Yanks expect Pettitte to start spring behind in prep due to distractions
Andy Pettitte no longer has to go to Washington, and instead, he is scheduled to report to the Yankees' training camp in Tampa, Fla., on Thursday. But staff members expect that Pettitte will be behind in his preparation for the 2008 season, because of the off-field issues that have dominated his offseason.
The Yankees won't get a first-hand read of just how far Pettitte will be behind until they see him throw later this week, but the status of the team's No. 2 starter is a major concern within the organization.
Pettitte briefly considered retirement before agreeing to re-sign with the Yankees in the first week of December, and his return may have been pivotal in the Yankees' decision to withdraw an offer of Phil Hughes, Melky Cabrera and others for Minnesota's Johan Santana. On Dec. 13, however, the Mitchell report was released, and Pettitte was among those named within its pages. Within 72 hours, Pettitte issued a statement and publicly acknowledged his own past use of performance-enhancing drugs.
But because of his past relationships with Roger Clemens and Brian McNamee, Pettitte has effectively been drawn into the vortex of a bitter dispute between the 7-time Cy Young Award and trainer. In addition, Pettitte's son Josh was injured in a football game last fall. These circumstances have apparently set back Pettitte's usual preparation for spring training.
In past years, Pettitte has worked out during the offseason -- sometimes with Clemens and McNamee -- before starting his throwing regimen in early January. The Yankees' staffers don't know exactly where Pettitte is in his training, but they will operate under the assumption that he will be behind Chien-Ming Wang, Mike Mussina, Hughes and their other starters.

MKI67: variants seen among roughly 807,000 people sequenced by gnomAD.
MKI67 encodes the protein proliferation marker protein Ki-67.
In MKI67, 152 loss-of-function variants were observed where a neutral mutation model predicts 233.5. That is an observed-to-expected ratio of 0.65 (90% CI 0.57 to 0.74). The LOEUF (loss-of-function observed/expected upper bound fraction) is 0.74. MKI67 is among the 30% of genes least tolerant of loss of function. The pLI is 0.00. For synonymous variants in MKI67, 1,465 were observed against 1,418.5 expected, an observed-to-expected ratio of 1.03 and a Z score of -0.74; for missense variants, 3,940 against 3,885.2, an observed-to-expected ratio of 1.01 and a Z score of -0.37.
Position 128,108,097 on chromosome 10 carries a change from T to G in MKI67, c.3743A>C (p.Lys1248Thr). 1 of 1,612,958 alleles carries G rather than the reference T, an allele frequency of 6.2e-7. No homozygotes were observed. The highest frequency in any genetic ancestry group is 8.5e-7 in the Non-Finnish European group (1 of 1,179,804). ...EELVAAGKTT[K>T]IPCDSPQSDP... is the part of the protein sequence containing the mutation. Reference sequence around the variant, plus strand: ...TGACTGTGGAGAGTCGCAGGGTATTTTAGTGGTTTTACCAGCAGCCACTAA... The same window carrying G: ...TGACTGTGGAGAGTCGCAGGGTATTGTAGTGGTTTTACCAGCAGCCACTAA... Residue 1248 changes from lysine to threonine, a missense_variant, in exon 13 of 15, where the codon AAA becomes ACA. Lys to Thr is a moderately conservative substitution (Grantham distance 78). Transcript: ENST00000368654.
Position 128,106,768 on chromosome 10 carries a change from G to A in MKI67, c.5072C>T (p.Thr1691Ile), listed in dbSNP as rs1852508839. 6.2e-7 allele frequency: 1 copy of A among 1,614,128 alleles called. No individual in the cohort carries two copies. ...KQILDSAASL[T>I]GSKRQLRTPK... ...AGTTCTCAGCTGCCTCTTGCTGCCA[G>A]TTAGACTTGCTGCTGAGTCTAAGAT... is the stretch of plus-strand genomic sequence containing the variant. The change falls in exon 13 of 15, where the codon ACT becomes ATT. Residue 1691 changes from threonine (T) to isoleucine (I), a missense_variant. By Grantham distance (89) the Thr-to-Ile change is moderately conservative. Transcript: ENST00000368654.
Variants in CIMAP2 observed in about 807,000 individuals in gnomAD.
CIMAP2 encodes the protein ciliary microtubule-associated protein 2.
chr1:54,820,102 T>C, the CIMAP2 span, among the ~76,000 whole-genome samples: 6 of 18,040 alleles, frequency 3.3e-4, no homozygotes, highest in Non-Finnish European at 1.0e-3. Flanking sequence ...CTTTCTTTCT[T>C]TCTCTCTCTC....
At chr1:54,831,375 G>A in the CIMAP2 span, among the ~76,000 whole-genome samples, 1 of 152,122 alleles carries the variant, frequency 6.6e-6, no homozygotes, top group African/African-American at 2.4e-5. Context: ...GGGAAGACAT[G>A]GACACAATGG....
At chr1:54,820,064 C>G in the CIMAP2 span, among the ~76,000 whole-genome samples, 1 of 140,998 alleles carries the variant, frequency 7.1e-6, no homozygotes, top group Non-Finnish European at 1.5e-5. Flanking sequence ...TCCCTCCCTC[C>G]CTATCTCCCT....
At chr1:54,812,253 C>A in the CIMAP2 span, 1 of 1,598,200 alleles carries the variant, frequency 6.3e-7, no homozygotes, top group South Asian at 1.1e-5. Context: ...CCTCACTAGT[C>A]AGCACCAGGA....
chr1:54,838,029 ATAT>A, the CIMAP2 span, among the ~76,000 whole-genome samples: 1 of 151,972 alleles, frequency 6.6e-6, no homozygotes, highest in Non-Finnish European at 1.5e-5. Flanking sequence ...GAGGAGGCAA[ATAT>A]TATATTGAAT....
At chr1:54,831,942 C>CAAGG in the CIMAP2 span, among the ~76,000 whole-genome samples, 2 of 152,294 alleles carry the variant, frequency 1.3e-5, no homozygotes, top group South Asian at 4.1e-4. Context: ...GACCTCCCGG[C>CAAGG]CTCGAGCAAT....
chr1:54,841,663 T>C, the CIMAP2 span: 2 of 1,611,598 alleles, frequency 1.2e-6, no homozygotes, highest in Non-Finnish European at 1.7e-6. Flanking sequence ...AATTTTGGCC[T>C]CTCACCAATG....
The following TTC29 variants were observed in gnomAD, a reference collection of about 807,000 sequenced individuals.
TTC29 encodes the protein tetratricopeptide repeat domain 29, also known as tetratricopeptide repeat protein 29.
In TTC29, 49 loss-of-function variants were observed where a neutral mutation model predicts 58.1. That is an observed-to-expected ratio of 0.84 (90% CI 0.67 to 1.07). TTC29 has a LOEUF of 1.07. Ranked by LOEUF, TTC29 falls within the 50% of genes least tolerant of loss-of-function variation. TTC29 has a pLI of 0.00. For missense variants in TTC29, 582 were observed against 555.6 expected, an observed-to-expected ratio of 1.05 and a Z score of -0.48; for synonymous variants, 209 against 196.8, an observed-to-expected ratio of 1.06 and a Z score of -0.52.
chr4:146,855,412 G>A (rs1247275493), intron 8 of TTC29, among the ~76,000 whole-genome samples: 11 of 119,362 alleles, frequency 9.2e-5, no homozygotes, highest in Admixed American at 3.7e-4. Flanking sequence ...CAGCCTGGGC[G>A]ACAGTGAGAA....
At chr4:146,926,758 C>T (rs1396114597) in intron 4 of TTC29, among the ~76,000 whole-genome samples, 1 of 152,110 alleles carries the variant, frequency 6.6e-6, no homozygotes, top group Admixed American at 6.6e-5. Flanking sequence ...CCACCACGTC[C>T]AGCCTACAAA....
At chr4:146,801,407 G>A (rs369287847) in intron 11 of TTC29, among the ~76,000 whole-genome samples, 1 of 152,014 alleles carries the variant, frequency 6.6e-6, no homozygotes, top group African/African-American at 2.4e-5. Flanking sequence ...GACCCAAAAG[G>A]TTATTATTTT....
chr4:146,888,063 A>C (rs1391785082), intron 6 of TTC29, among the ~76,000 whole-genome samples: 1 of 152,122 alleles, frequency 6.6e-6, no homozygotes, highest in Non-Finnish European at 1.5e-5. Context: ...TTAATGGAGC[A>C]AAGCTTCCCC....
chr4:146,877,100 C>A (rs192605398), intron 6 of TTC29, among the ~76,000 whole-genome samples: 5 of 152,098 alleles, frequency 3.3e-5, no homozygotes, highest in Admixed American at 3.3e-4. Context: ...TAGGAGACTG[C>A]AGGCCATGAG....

Yankees staffers have been concerned since the release of the Mitchell report about the potential impact on the 35-year-old Pettitte, who has been a close friend of Clemens in the past, and may be in a position to badly damage the seven-time Cy Young Award winner with his testimony.
There are still multiple imperfect alternatives for the Yankees to pursue if they are alarmed by Pettitte's condition once he arrives in camp. Kyle Lohse and Livan Hernandez are among many free agents available, and the Yankees also could target Oakland right-hander Joe Blanton, the best pitcher currently available on the trade market.
None of the options are as attractive as a healthy, prepared and focused Pettitte, however: The left-hander pitched well for the Yankees last season, going 15-9 with a 4.05 ERA, and is 201-113 in his career. And it may be that the distractions for Pettitte will continue for months to come, if the Justice Department pursues a perjury charge after Wednesday's hearing, and if Clemens and/or McNamee pursue civil suits.
Buster Olney is a senior writer for ESPN The Magazine.
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